For the concrete block and concrete slab field test methods:1) identify the species at the site; 2) install test units; 3) randomly assign treatments (untreated, and remedial or preventive); 4) install bait product station as appropriate for the treatment; and 5) evaluate termite activity at the bait stations and test units. Use mark-release-recapture techniques to establish connectivity between foraging populations at the bait station at each unit and between the wood inside the remedial test unit and the bait stations. Measure wood and bait consumption in the untreated and remedial test units and bait consumption only at the preventive treatment units.
In preventive treatments, the bait must prevent termite attack on wood in the unit (100% success) for a minimum of five years. For remedial treatments, the infestation must be eliminated within 12 months of bait installation and not be re-infested for another 12 months. Success must be 100%.
2) Structural protection - termite population management - Grid field test in which termite populations are identified and population/colony territory is defined. The performance standard is based on ability of bait to reduce or eliminate the foraging/attacking termite population. Wood consumption and bait consumption are measured to document performance and to show that the bait eliminates termite colonies/populations. Mark-release-recapture testing is used.
For termite population management testing using termite baits, ten termite colonies of the same species will be identified in the field. The process involves the following steps: 1) identify the species at the site, 2) establish or install monitoring devices and bait delivery devices, 3) associate termites in each monitoring device with termites in other monitoring devices and bait stations to establish colony foraging areas by mark-recapture or mark-release-recapture, 4) assess wood consumption patterns to evaluate cessation of feeding, 5) randomly assign colonies to treated or control (untreated), and 6) initiate baiting and the subsequent evaluation process.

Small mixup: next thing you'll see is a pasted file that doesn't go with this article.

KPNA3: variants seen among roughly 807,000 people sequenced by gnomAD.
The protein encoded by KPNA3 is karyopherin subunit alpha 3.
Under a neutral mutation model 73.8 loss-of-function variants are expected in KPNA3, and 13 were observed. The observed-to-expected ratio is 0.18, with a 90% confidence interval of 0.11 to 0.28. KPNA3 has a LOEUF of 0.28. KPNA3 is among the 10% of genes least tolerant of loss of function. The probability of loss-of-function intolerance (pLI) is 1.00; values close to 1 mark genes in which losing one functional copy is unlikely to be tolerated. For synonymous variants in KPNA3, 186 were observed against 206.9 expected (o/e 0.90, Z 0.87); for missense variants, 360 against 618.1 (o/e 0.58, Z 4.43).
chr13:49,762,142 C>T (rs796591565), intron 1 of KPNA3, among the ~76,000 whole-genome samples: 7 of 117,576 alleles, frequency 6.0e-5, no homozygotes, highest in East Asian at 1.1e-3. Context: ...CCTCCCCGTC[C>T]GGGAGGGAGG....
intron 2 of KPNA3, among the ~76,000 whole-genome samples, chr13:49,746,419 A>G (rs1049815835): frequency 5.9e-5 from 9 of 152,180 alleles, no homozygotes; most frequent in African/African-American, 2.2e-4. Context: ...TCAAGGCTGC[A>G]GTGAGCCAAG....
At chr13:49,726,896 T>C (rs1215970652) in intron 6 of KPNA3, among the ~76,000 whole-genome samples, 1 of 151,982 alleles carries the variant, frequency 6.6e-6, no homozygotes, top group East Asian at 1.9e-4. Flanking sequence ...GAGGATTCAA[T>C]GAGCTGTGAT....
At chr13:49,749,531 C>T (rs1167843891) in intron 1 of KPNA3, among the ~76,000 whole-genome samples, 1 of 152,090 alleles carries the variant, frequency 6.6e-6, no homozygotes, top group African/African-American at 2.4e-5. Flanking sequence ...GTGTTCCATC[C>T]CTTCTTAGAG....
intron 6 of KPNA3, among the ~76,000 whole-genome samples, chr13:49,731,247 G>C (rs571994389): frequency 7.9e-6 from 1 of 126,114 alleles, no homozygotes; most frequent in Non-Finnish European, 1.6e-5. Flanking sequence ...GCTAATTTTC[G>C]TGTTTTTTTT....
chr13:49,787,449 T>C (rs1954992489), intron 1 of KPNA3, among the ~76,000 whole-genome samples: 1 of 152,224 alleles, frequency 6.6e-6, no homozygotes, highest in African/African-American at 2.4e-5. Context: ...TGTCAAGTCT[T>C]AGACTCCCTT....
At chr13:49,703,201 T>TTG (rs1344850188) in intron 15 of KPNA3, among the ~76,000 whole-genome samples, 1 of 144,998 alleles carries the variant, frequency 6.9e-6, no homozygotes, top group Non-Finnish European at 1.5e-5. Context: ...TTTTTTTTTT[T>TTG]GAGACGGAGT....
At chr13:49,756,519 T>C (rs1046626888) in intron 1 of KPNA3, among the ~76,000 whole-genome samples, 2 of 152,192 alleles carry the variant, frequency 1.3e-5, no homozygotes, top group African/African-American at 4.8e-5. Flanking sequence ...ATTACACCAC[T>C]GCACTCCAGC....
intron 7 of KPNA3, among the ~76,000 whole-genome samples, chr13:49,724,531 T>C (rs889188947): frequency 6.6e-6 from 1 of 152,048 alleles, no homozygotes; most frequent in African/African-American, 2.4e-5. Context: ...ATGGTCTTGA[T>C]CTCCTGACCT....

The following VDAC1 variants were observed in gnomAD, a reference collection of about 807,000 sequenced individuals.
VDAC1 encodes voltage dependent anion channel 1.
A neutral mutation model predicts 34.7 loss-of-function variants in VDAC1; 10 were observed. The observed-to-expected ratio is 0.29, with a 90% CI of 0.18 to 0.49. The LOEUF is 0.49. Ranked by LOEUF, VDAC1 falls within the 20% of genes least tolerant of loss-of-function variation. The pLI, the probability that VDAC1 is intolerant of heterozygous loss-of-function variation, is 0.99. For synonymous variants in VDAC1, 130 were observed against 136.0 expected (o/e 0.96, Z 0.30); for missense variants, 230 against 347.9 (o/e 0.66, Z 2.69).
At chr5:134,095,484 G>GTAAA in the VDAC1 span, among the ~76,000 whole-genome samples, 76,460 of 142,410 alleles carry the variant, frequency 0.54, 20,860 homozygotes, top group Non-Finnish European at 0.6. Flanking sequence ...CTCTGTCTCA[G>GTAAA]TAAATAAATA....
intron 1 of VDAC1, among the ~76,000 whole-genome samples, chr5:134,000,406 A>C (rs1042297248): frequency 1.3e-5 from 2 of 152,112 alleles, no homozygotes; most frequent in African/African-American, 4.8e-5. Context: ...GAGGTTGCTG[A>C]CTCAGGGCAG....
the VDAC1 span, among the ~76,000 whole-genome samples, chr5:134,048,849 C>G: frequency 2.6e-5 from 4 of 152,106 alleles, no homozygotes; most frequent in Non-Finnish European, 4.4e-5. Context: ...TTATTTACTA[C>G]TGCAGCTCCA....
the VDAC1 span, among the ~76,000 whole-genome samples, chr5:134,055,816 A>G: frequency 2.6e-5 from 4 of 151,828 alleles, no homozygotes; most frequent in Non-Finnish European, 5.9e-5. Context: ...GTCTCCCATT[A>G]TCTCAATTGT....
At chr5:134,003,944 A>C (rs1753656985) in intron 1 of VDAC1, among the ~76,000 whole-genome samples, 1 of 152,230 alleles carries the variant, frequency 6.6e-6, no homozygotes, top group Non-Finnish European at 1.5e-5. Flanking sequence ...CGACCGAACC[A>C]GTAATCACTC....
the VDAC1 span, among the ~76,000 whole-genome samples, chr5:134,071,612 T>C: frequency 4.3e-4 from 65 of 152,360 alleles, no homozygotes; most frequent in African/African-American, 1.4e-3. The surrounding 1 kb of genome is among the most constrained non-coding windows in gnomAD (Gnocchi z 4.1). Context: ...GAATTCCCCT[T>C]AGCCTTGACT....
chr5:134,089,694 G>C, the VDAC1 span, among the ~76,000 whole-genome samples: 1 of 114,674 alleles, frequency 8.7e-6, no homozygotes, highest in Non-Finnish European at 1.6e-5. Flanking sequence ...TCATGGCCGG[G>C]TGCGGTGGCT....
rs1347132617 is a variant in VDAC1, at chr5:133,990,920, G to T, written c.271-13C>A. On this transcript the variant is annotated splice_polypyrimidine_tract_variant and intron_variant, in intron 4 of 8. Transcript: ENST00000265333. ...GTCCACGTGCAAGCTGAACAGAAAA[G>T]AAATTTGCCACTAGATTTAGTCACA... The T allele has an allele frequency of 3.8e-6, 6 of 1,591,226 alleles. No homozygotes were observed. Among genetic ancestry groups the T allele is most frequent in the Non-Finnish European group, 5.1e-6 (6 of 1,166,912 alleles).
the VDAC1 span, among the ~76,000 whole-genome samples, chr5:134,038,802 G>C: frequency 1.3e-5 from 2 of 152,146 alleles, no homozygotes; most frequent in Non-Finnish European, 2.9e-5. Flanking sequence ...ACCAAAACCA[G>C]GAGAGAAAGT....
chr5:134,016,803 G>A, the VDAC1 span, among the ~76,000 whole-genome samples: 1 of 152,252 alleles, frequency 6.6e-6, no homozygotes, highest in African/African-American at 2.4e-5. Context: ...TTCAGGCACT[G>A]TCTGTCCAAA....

Once a site with existing termite colonies has been selected, wooden survey stakes should be driven into the ground to encourage termites to feed as specific sites (Heterotermes aureus may require a different approach (paper rolls). When the survey stakes have been fed upon by the termites, an independent monitoring device (monitoring station) can be placed adjacent to it or can replace the stake.
The performance standard is 80% success over a three year test period.
III. Large Scale Field Testing at Residential and Commercial Structures
Testing will be conducted at a minimum of 500 wooden structures. A minimum of 80 structures must in each EPA Region (3-7, 9). The baiting product and associated application materials will be used according to label directions. Termite activity and presence will be monitored - according to widely accepted practices- inside and within one meter of the structure unless termites infesting the structure can be associated with termite populations foraging at greater distances from the structure.
Two types of installations are proposed, one for preventive treatment and one for remedial treatment:
Preventive Treatments. Termites must be detected within two meters of the foundation. A minimum of 10 bait stations must be applied. The bait must prevent (100%) a structural infestation for a minimum of five years. In addition, the bait should eliminate the foraging population within one meter of the structure to provide structural protection. Independent monitoring (IM) devices will be used in addition to bait stations.
Remedial Treatments. Remedial treatments must eliminate an existing termite infestation within 12 months following bait system application in 100% of the infested structures. The treated structures must remain termite free for one year post-treatment. Alate swarms, mud tubing, and presence of worker termites in or on the structure are indications of a termite infestation and indicate failure of a bait product to protect a structure. If termites are not detected from treated structures but remained active in the monitoring station or IM, then structural inspections every month are required during the 12-month post-treatment period. After baiting eliminates the infestation in the structure based on a structural inspection but the activity resumes during the 12-month baiting period observation period at the monitoring station, additional bait application has to eliminate termite activity within 12 months at the station and IM following the re-application of baits without causing >10% wood consumption of the maximum wood consumption as recorded in the IMs during the pre-baiting period. After re-application of baits, termites should remain absent for another 12 months in the structure and the IMs.PRESENTATION BRIEF: FIFRA SCIENTIFIC ADVISORY PANEL